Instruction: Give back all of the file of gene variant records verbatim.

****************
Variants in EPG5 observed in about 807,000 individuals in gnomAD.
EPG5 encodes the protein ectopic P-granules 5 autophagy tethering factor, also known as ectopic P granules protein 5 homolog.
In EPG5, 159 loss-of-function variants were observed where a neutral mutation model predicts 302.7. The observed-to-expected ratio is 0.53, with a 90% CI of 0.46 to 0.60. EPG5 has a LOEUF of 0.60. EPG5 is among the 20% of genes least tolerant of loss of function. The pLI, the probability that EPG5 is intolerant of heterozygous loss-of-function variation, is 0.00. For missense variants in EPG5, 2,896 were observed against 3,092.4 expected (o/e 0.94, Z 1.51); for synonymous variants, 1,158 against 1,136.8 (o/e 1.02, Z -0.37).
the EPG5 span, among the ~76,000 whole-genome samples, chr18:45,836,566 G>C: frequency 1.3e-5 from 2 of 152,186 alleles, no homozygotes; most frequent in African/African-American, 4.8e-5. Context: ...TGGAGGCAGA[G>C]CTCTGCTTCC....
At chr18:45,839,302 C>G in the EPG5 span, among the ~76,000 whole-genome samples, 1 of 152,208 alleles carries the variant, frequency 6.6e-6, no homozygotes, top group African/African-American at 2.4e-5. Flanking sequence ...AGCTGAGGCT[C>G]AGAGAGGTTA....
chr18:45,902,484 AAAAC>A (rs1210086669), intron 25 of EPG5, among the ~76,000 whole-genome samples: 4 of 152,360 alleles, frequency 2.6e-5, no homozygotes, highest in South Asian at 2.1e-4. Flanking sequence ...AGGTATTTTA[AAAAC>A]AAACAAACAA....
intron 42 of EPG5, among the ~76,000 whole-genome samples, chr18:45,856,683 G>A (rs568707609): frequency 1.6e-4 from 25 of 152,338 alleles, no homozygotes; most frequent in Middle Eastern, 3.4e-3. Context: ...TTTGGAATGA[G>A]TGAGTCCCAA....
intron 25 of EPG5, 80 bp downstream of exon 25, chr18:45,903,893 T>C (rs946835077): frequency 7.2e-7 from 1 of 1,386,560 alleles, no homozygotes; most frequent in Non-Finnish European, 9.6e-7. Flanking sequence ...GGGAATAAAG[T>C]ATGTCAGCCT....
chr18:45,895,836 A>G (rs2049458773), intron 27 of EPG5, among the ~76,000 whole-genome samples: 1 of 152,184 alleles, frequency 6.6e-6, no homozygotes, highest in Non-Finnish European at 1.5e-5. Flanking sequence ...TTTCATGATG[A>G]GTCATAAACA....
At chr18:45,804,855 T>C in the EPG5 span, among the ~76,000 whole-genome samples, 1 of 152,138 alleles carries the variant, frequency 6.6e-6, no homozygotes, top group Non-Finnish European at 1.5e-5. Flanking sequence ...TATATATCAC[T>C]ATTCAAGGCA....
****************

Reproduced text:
Variants in EPG5 observed in about 807,000 individuals in gnomAD.
EPG5 encodes the protein ectopic P-granules 5 autophagy tethering factor, also known as ectopic P granules protein 5 homolog.
In EPG5, 159 loss-of-function variants were observed where a neutral mutation model predicts 302.7. The observed-to-expected ratio is 0.53, with a 90% CI of 0.46 to 0.60. EPG5 has a LOEUF of 0.60. EPG5 is among the 20% of genes least tolerant of loss of function. The pLI, the probability that EPG5 is intolerant of heterozygous loss-of-function variation, is 0.00. For missense variants in EPG5, 2,896 were observed against 3,092.4 expected (o/e 0.94, Z 1.51); for synonymous variants, 1,158 against 1,136.8 (o/e 1.02, Z -0.37).
the EPG5 span, among the ~76,000 whole-genome samples, chr18:45,836,566 G>C: frequency 1.3e-5 from 2 of 152,186 alleles, no homozygotes; most frequent in African/African-American, 4.8e-5. Context: ...TGGAGGCAGA[G>C]CTCTGCTTCC....
At chr18:45,839,302 C>G in the EPG5 span, among the ~76,000 whole-genome samples, 1 of 152,208 alleles carries the variant, frequency 6.6e-6, no homozygotes, top group African/African-American at 2.4e-5. Flanking sequence ...AGCTGAGGCT[C>G]AGAGAGGTTA....
chr18:45,902,484 AAAAC>A (rs1210086669), intron 25 of EPG5, among the ~76,000 whole-genome samples: 4 of 152,360 alleles, frequency 2.6e-5, no homozygotes, highest in South Asian at 2.1e-4. Flanking sequence ...AGGTATTTTA[AAAAC>A]AAACAAACAA....
intron 42 of EPG5, among the ~76,000 whole-genome samples, chr18:45,856,683 G>A (rs568707609): frequency 1.6e-4 from 25 of 152,338 alleles, no homozygotes; most frequent in Middle Eastern, 3.4e-3. Context: ...TTTGGAATGA[G>A]TGAGTCCCAA....
intron 25 of EPG5, 80 bp downstream of exon 25, chr18:45,903,893 T>C (rs946835077): frequency 7.2e-7 from 1 of 1,386,560 alleles, no homozygotes; most frequent in Non-Finnish European, 9.6e-7. Flanking sequence ...GGGAATAAAG[T>C]ATGTCAGCCT....
chr18:45,895,836 A>G (rs2049458773), intron 27 of EPG5, among the ~76,000 whole-genome samples: 1 of 152,184 alleles, frequency 6.6e-6, no homozygotes, highest in Non-Finnish European at 1.5e-5. Flanking sequence ...TTTCATGATG[A>G]GTCATAAACA....
At chr18:45,804,855 T>C in the EPG5 span, among the ~76,000 whole-genome samples, 1 of 152,138 alleles carries the variant, frequency 6.6e-6, no homozygotes, top group Non-Finnish European at 1.5e-5. Flanking sequence ...TATATATCAC[T>C]ATTCAAGGCA....